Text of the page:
Unfriendly? Now they know why

MARYSVILLE – When Mark and Debbie Crawford moved from Utah to the Hidden Lake Estates three years ago, they wondered why their neighbors weren’t very friendly.

“I thought it was the ‘Seattle Freeze,’” Debbie said of that city’s reputation for being unfriendly. “I thought we could warm them up.”

What they didn’t find out until about a year later is that neighbors kept to themselves because of a nearby drug house. She and some of her neighbors talked about the problem with Mayor Jon Nehring at a meeting this week.

The Crawfords moved here from the Ogden area. Mark is Mormon but Debbie isn’t. “They help their neighbors, take care of them,” Debbie said, adding the LDS church probably plays a role in that.

They lived there for 30 years, in a home Mark built. He had a drywall business, and Debbie worked in interior design. They moved to Marysville when they found out their son had a terminal illness. She takes care of him, while Mark works for Harley Davidson.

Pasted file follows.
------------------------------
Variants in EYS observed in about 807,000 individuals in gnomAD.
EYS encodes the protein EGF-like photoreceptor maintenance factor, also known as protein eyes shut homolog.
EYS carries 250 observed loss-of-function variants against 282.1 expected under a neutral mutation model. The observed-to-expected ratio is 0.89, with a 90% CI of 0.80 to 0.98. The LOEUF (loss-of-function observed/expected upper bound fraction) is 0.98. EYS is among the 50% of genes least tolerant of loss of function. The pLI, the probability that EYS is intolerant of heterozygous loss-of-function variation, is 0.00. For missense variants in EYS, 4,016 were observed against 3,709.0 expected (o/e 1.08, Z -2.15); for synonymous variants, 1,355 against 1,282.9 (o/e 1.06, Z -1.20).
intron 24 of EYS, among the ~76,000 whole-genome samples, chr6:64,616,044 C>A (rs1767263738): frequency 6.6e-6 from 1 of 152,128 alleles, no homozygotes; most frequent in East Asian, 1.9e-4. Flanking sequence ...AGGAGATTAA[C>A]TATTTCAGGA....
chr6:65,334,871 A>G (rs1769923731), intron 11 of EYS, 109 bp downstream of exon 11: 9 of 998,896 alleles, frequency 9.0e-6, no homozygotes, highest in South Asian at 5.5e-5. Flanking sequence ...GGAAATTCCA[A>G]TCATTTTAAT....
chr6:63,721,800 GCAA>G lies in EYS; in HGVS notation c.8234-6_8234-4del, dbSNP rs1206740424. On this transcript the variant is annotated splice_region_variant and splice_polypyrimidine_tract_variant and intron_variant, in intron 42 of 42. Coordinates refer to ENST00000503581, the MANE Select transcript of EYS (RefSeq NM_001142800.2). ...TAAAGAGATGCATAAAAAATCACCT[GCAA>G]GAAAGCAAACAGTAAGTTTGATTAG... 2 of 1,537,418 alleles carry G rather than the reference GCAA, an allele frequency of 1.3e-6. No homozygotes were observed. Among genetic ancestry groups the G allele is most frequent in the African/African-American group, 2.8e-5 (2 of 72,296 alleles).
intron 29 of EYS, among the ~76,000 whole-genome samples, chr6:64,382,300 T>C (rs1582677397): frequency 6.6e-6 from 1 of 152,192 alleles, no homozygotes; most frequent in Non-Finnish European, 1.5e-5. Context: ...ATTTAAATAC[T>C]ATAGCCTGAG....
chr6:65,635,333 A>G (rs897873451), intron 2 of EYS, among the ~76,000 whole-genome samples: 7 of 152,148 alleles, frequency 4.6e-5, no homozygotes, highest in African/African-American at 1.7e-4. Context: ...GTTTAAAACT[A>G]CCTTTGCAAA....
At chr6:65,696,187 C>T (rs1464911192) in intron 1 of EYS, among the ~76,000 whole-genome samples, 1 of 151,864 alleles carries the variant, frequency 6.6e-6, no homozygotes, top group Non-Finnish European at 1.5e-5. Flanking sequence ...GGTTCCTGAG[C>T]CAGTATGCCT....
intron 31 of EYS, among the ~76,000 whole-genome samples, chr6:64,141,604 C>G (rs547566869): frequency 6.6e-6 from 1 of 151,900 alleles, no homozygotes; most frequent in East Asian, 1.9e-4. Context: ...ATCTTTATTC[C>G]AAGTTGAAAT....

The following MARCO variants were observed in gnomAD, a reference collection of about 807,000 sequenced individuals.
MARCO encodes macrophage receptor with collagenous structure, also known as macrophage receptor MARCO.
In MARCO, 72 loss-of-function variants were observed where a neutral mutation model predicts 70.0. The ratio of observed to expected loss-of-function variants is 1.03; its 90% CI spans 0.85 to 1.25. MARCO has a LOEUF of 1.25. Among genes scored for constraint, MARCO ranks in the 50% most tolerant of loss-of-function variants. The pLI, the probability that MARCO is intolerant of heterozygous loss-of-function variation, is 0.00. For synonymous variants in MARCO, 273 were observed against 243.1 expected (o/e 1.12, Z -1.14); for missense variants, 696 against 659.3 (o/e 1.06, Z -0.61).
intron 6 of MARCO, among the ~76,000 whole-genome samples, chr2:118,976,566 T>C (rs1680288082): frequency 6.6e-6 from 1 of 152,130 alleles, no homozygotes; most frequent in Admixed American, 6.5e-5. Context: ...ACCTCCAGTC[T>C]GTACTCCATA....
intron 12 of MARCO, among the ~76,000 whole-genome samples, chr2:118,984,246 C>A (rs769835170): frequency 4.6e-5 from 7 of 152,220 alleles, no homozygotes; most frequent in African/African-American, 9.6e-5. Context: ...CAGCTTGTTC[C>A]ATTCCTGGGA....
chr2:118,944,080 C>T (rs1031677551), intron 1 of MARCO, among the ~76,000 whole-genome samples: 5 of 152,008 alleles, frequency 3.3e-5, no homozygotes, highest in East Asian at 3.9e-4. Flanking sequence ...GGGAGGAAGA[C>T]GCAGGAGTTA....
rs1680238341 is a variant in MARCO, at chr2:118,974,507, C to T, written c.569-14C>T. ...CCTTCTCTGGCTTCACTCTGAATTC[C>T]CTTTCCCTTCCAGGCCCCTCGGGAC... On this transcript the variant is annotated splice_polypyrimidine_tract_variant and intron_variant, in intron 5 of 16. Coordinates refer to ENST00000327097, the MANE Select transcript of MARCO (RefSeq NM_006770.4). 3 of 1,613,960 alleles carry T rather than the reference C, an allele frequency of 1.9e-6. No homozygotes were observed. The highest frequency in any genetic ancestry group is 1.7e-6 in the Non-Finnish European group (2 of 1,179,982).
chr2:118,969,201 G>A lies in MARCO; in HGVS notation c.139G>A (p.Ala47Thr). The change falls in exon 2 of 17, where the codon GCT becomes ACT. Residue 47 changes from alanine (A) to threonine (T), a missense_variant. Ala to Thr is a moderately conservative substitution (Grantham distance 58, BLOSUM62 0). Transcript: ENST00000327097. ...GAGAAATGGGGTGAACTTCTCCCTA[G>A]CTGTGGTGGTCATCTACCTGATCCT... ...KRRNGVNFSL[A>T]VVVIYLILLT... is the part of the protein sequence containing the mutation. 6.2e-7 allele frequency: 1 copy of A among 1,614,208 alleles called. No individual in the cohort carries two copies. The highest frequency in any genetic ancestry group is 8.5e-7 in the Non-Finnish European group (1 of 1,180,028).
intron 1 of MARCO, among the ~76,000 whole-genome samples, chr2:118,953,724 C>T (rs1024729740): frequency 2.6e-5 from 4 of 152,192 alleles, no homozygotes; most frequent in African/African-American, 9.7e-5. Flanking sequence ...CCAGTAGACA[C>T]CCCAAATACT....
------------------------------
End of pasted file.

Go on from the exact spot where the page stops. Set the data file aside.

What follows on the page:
When they moved to Hidden Lakes Estates they saw some trashy houses, but tried not to judge. Debbie wanted to find playmates for her grandkids so she walked around the neighborhood. “They were on edge.”

Parents wouldn’t let their kids even walk over to the Crawfords unless they were escorted. “We thought it was because they didn’t know us and were just being cautious,” Debbie said.

But it all started to make sense when they found out about the drug house. They have seen activity there escalate, especially in the past year. Trash is piled all over, front and back. Numerous vehicles are parked all around. “Police are there all the time,” Debbie said.

She said the people who come out of the bushes and frequent that house are “really creepy. They are here, there, everywhere. They look in our mailboxes. At night they walk around with their phones.” The Crawfords were so afraid they didn’t want their picture taken.

Wednesday, Debbie said she hopes finally something is happening. She said police were there the day before and made some arrests. When the troublemakers finally leave, Debbie said she wants to have a neighborhood party.

“When they get out of here we’re going to have a tailgater,” she said.

The Crawfords aren’t sure if they will stick around when their lease is up in October. “I’ve seen too much,” Debbie said. “I’d never even seen a (drug) needle before until I came to Washington.”

She said getting rid of the drug house could be key. “If it doesn’t go way, we have to go away,” she said.